Sources for Frankenstein 2018-01-08T14:56:57+00:00

Sources for Frankenstein

This section lists some of the many texts that influenced Mary Shelley’s writing of Frankenstein.

John Milton, Paradise Lost (1674).
https://www.gutenberg.org/ebooks/20

Frankenstein’s monster learns how to read using Milton’s epic poem of humankind’s fall from God’s Grace.

Johann Wolfgang von Goethe, The Sorrows of Young Werther (1774).
https://www.gutenberg.org/files/2527/2527-h/2527-h.htm

Goethe’s epistolary novel tells the story of the love-struck eponymous hero driven to suicide because of his unrequited love for Charlotte.

Luigi Galvani, De Viribus Electricitatis in Motu Musculari (1791).

The print showing the bio-electricity experiments that caused inanimate body parts to move gained Galvani great notoriety.

Galvani De viribus 1792 Wellcome Library

L0029687 Galvani, De viribus electricitatis in motu musculari…
Credit: Wellcome Library, London. Wellcome Images images@wellcome.ac.uk https://wellcomeimages.org De viribus electricitatis in motu musculari commentarius, cum J. Aldini dissertatione et notis …; Mutinae Tab. II, dissection of a sheep De viribus electricitatis in motu musculari commentarius, cum J. Aldini dissertatione et notis … Luigi Galvani Published: 1792
Copyrighted work available under Creative Commons Attribution only licence CC BY 4.0 https://creativecommons.org/licenses/by/4.0/

Mary Wollstonecraft, A Vindication of the Rights of Woman (1792).
https://www.gutenberg.org/ebooks/3420

The treatise, written by Shelley’s mother, depicts the oppression of people–especially women–as a product of miseducation.

William Godwin, Caleb Williams (1794).
https://www.gutenberg.org/files/11323/11323-h/11323-h.htm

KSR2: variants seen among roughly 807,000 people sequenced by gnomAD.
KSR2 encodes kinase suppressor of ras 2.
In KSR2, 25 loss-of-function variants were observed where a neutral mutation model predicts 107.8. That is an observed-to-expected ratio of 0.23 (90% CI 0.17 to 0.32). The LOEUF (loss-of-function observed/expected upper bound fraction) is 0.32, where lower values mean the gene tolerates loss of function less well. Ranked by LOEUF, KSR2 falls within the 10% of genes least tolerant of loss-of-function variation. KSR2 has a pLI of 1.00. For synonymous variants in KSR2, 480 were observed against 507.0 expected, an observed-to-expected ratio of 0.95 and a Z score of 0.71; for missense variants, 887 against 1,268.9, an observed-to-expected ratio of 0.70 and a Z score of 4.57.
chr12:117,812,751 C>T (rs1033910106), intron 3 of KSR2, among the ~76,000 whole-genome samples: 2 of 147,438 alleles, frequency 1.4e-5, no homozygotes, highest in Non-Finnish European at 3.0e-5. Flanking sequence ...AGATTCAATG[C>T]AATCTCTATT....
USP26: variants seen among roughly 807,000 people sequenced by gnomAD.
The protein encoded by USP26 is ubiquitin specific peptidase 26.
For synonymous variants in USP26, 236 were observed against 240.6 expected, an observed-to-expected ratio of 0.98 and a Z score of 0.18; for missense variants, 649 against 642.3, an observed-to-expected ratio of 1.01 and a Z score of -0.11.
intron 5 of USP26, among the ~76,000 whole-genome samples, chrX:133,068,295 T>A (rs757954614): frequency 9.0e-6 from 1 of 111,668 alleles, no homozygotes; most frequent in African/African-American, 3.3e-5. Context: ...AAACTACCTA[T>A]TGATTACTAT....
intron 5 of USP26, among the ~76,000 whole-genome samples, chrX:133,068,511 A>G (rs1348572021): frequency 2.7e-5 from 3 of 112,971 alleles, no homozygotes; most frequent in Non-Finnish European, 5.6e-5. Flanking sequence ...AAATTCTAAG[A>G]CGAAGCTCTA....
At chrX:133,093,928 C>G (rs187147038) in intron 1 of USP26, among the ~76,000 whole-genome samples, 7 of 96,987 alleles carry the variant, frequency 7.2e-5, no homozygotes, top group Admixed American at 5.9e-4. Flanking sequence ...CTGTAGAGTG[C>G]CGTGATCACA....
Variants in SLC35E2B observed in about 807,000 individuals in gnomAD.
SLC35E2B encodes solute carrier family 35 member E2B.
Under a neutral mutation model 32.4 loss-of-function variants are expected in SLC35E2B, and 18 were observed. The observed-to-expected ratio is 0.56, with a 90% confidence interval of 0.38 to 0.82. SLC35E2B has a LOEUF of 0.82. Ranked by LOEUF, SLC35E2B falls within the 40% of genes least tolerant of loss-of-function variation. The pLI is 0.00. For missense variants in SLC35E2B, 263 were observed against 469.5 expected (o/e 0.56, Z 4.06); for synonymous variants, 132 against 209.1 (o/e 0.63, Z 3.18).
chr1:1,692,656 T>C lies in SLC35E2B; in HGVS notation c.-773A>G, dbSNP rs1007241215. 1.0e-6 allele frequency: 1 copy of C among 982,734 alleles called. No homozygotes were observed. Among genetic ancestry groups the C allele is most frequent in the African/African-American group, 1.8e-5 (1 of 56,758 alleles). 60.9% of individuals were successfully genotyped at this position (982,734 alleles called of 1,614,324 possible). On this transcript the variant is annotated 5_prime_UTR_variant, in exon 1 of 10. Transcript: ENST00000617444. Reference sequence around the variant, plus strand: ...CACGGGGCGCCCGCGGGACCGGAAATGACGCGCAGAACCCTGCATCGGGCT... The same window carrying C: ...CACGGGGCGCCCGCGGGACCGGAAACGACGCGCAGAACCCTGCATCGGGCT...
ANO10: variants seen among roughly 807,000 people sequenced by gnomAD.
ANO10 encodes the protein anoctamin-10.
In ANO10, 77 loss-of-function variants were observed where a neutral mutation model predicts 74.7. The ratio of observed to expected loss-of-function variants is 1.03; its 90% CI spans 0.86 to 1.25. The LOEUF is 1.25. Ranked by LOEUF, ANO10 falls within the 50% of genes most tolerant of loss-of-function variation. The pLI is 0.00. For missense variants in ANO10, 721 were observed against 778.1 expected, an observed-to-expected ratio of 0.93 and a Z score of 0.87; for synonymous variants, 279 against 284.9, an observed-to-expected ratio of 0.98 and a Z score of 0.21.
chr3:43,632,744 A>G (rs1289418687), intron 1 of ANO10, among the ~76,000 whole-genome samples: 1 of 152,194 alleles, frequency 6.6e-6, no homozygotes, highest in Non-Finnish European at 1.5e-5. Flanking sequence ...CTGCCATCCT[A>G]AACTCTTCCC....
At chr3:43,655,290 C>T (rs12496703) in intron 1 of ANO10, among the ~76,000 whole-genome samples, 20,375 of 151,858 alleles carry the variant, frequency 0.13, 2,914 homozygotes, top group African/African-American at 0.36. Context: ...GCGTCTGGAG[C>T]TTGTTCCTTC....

Godwin’s novel relates the story of the eponymous hero as he is wrongfully pursued and tortured by a crooked justice system.

Samuel Taylor Coleridge, “Rime of the Ancient Mariner” (1798).
https://www.gutenberg.org/ebooks/151

First published in Lyrical Ballads (1798), Coleridge’s poem is often cited in the novel and partially informs its structure.

Mary Wollstonecraft, Maria; or, the Wrongs of Woman (1798).
https://www.gutenberg.org/files/134/134-h/134-h.htm

A gothic tale of a woman imprisoned in an insane asylum that details the oppression of women in patriarchal culture.

Humphry Davy, A Discourse, Introduction to a Course of Lectures on Chemistry (1802).
https://knarf.english.upenn.edu/Davy/davy2dis.html

Davy’s work warns of an individual’s (mis)education in science, which would have monstrous results.

Erasmus Darwin, Temple of Nature (1803).
https://www.rc.umd.edu/editions/darwin_temple/index.html

This long philosophical poem by the grandfather of Charles Darwin depicts the evolution of nature and culture.

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